BUXTON: Why the F1 community is getting hyped for the first ever Miami Grand Prix
The Miami GP is set to be one of the most hyped additions to the Formula 1 calendar in recent memory. The anticipation and expectation placed on the race has been huge, but with just days to go until the cars take to the track for the first time, there is little to suggest the race will be anything but the gamechanger it has marked itself as since its announcement.
Formula 1 has an uneasy past in the United States, with some circuits proving their value with longevity and creating history, while others have disappeared from the calendar as quickly as they arrived. And with the announcement that the Miami GP would be held within the campus of the Hard Rock Stadium, it was easy for the doubters to raise questions over the circuit itself.
While Formula 1 has recently announced a return to Las Vegas for 2023, memories in the sport are long and the failure of the Caesars Palace race in the 1980s loomed large. 'Car Park' tracks, from Le Mans in the 1960s through to F1’s ill-fated previous stop-offs in Vegas, have never really excited or entertained, but when the track layout was made public, all previous notions of what was achievable were left far behind. Miami was never going to be a hastily bashed out street track in a parking lot. What the organisers envisioned, and have created, is on a scale with every permanent road course on the calendar.
Simulator runs by the current grid have created an aura of expectation among the teams and racers. Miami has a flow, has been designed to be a challenge and to create racing spectacle, and few believe it will do anything but provide it. As with everything in the planning and creation of this new venue, every detail has been considered, every lesson learnt to create what the organisers maintain will be a race experience that forever changes our appreciation of what a 21st century Formula 1 event can be.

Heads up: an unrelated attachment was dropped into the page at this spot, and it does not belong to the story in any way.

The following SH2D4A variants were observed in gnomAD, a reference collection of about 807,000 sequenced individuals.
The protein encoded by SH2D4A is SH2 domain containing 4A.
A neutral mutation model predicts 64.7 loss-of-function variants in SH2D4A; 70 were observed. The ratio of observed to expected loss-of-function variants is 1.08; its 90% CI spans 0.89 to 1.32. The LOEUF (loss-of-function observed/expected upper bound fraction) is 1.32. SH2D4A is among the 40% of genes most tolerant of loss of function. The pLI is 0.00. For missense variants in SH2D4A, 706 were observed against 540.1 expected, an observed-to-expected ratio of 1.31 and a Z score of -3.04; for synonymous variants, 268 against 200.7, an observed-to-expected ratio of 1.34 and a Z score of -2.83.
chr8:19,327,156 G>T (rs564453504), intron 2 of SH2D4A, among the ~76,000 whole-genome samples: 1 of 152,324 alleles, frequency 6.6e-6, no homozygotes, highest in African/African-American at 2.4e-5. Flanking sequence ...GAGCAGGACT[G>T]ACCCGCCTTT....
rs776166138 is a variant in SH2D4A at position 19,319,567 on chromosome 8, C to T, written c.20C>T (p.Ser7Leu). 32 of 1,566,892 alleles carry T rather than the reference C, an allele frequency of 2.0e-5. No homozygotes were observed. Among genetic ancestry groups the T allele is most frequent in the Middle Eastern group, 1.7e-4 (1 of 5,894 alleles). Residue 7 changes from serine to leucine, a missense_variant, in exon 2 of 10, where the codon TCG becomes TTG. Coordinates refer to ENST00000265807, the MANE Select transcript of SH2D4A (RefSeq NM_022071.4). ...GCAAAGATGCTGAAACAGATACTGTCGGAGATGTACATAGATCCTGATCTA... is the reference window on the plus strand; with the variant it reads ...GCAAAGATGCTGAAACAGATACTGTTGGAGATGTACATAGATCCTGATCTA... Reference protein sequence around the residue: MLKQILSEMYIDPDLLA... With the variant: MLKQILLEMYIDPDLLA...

When the race was first announced, over 75% of the interest for attendance came from the corporate world, and with that in mind, the circuit is filled with hospitality. For decades, Monaco was considered the place to do business. Over the past decade, that mantle has been passed to Singapore. But with Miami, there’s a feeling that this race event could become one of the most pivotal weekends for deals to be done and business created within the industry, and in particular, in one of the sport’s fastest growing regions.
But the fan has remained at the heart of the planning. The utilisation of the Hard Rock Stadium itself as a hub of fan activity, the grandstand vantage points at the most exciting areas of the track, and the sheer weight of activities, concerts and fan central shows and events both at the track and in Miami itself, have left those visiting expecting a weekend more that’s as much Coachella as it is COTA.
From the outset, the real flavour of Miami has been central to the organiser’s vision, and to that end, it was announced early on that much of the fan-based food experience would come from local minority-owned restaurants; from soul food to hibachi, cupcakes to cajun, all areas of Miami’s rich gastronomic menus are set to be catered for and represented.
Inaugural events often struggle to live up to the hype. There are always teething troubles. It’s the nature of the beast. But rarely has a race been so well thought through or prepared.
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The very nature of the circuit, existing in the campus of the Hard Rock Stadium, sets it apart from many other circuits either in the US, or on the F1 calendar. It’s half road course, half street track. A modern, purpose-built, all-encompassing race facility developed in the heart of a metropolitan community.
With just days to go, there’s rarely been such fevered anticipation for the arrival of a new race venue. But even with all the planning and the awareness of what lies in store, it’s still a step into the unknown. Will it truly be a step into the next generation of Formula 1 events? For as long as the sun shines in Florida, there seems little doubt Miami will make good on all we expect it to be.